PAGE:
Had Danny Dyer's career reached an all-time low?
Danny Dyer, the actor once branded one of the most promising young actors in Britain after his excellent turn in Human Traffic, has joined the cast of Hollyoaks, Later. The new series of the raunchier version of Hollyoaks will star stalwart Nick Pickard battling cancer and Dyer playing a ruthless ex-pat known only as 'The White Man.'
Danny Dyer Smoking Outside The ITV Studios
Dyer - who has bizarrely been typecast as a hard man - will cause serious problems from the Hollyoaks cast with "with high-stakes poker, Russian roulette and kidnapping all on the cards," according to MTV. Jane Steventon, producer of Hollyoaks Later, said: "I'm thrilled that we have brought together such an amazing cast for this year's Later and with the addition of Danny Dyer, the adventures can really kick off." The new series will see Nick organizing a get-together with old pals Kurt Benson, Finn and brother Dom in a bid to face his demons, however, a dodgy deal from village hard man Trevor Royle sees the gang fall foul of Dyer's shadowy character. The new series of the Hollyoaks Later will air on E4 in the autumn.
Kara Tointon and Harold Pinter Thursday 15th March 2012 Kara Tointon carrying an oversized handbag and wearing tight jeans leaves the Harold Pinter theatre, having performed in a production of Absent Friends.
When an honest-to-goodness scallywag named Milo Tindle (Jude Law), an Italian hairdresser with designs on acting, comes to Wyke's estate announcing his plans to marry Wyke's estranged wife, the author seems pleased to have an opponent than enraged by the open deceit. And that in a nutshell is how this cat-and-mouse whirligig operates: two men more excited about the idea of a nemesis than their money or their beautiful mistress respectively.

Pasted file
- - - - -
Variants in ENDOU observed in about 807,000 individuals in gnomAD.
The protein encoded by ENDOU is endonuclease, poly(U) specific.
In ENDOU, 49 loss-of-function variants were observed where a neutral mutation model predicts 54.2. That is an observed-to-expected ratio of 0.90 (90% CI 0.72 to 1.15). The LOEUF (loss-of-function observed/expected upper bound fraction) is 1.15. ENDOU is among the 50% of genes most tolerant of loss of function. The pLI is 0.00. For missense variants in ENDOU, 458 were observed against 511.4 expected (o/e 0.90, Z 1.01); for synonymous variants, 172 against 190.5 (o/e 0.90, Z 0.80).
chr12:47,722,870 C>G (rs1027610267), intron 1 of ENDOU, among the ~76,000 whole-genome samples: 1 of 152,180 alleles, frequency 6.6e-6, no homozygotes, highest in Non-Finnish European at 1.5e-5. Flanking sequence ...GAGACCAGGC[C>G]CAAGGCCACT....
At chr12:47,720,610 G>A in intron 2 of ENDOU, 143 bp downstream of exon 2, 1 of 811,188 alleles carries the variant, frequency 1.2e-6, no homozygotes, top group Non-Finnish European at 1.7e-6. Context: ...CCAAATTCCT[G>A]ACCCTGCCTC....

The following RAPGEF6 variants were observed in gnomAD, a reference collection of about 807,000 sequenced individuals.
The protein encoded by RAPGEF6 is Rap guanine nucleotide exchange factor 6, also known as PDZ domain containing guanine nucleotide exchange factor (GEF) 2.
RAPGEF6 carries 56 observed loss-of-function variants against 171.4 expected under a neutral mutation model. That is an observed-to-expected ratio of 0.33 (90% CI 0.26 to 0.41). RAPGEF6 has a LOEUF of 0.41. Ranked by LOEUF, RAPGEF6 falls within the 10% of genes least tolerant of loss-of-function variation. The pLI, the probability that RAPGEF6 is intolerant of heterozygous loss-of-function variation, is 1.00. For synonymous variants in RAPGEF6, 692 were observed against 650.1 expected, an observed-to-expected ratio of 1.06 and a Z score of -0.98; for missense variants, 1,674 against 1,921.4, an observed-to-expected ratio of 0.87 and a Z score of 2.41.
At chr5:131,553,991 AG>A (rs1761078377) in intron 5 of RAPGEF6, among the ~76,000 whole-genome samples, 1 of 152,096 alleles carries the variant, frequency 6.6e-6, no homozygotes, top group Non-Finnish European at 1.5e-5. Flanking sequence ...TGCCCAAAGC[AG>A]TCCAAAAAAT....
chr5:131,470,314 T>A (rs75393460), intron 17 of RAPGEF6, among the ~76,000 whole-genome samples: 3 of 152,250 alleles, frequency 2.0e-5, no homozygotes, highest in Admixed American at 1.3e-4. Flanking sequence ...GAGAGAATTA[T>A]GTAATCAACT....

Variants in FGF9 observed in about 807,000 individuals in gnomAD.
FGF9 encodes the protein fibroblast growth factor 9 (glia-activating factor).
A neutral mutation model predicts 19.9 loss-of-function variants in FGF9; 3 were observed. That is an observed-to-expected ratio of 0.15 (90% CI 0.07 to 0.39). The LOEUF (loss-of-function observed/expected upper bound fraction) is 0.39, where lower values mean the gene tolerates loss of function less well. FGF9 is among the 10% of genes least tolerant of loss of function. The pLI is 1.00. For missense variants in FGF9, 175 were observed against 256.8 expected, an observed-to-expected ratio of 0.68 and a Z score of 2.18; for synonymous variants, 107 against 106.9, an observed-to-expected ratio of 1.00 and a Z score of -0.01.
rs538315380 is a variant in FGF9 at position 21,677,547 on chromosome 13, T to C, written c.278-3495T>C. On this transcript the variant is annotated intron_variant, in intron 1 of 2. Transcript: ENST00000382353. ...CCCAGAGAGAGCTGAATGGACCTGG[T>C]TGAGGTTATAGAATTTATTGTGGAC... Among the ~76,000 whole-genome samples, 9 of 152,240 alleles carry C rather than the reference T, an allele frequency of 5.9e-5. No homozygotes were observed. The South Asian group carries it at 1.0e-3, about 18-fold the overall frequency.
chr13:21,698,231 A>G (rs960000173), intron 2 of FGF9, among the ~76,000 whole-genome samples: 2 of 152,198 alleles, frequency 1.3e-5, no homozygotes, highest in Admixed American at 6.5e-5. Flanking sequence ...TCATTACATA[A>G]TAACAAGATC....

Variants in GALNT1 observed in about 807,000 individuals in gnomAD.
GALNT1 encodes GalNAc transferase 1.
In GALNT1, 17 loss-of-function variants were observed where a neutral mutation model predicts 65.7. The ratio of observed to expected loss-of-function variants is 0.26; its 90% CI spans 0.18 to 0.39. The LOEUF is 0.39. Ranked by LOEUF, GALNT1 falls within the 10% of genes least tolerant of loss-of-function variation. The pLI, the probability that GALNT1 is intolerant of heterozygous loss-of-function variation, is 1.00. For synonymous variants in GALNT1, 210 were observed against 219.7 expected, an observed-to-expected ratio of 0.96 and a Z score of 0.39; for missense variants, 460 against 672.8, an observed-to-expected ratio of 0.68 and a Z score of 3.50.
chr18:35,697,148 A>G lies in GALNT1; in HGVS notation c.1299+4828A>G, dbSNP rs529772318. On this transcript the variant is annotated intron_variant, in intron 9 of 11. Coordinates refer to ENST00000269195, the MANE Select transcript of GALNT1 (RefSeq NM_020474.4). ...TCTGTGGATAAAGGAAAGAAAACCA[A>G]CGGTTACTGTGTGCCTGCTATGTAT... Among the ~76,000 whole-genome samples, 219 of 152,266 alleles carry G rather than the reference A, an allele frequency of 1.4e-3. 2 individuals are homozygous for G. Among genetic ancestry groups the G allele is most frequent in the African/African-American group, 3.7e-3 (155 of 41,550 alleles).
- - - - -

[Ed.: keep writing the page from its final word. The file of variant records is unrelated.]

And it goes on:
Continue reading: Sleuth (2007) Review
In The Tailor of Panama -- based on John Le Carré's novel and directed by John Boorman (Beyond Rangoon, Zardoz) -- Brosnan trades in the sophistication of James Bond for the identity of crude, disgraced spy Andy Osnard, an MI-6 operative that has to be shipped off to Panama on account of his loathsome behavior. Once he arrives in Panama City, the bad behavior doesn't stop: Osnard immediately sets upon the task of uncovering "what's going on" with the Panama Canal. Rumors swirl that it will be sold to another country now that Panama has it back from the U.S. Or perhaps there will be a coup from a populist underground?
Continue reading: The Tailor Of Panama Review
A shockingly lithe Robert De Niro stars as Monroe Stahr, a 1930s studio executive based on Irving Thalberg (a prolific producer who died at the age of 37, presumably from overwork). Stahr has lost loves in the past and a crushing chip on his shoulder in the present. He's a workhorse, but he wants something more out of life.
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I think I know what Austen's secret is: Her books are recent, but not modern. Her central characters have good manners and triumph over bad marriages or economic straits, instead of succumbing to their own vices or whining too much about their problems.
Continue reading: Mansfield Park Review
Offred finds herself at the mercy of a good-natured but subtly manipulative commander (Robert Duvall) and his faded-star wife Serena Joy (Faye Dunaway). And soon enough she slips her way into an underground aiming to overthrow the fascist regime.
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Now released on DVD, the complicated tale of The French Lieutenant's Woman tells us of a 19th century English woman named Sarah (Streep), a woman who finds herself at the bottom of the social strata because she has had an affair (and been tossed aside) by a French military officer. When an engaged biologist named Charles (Jeremy Irons) encounters her on that pier, he becomes immediately entranced, and soon they are engaged in an affair.
Continue reading: The French Lieutenant's Woman Review
The latest Jane Austen novel lovingly adapted to film, "Mansfield Park" features a predictably resolute heroine named Fanny Price, a 10-year-old girl from a poor family who is sent to live with wealthy relations at their country estate.
The first thing her aunt says to her is "Let's have a look at you...Well, I'm sure you have other qualities." When her uncle thinks she's out of earshot, he tells his daughters, "she's not your equal," and he insists she live in the servants' wing to prevent her from tempting her male cousins. Nonetheless, young Edmund takes a shine to her and makes her feel at home, which is the beginning of a life-long friendship.
Well, I think we all know where this is going. As witty and wildly engaging as Austen's coy 18th Century romances are, they're nothing if not predictable.
Continue reading: Mansfield Park Review
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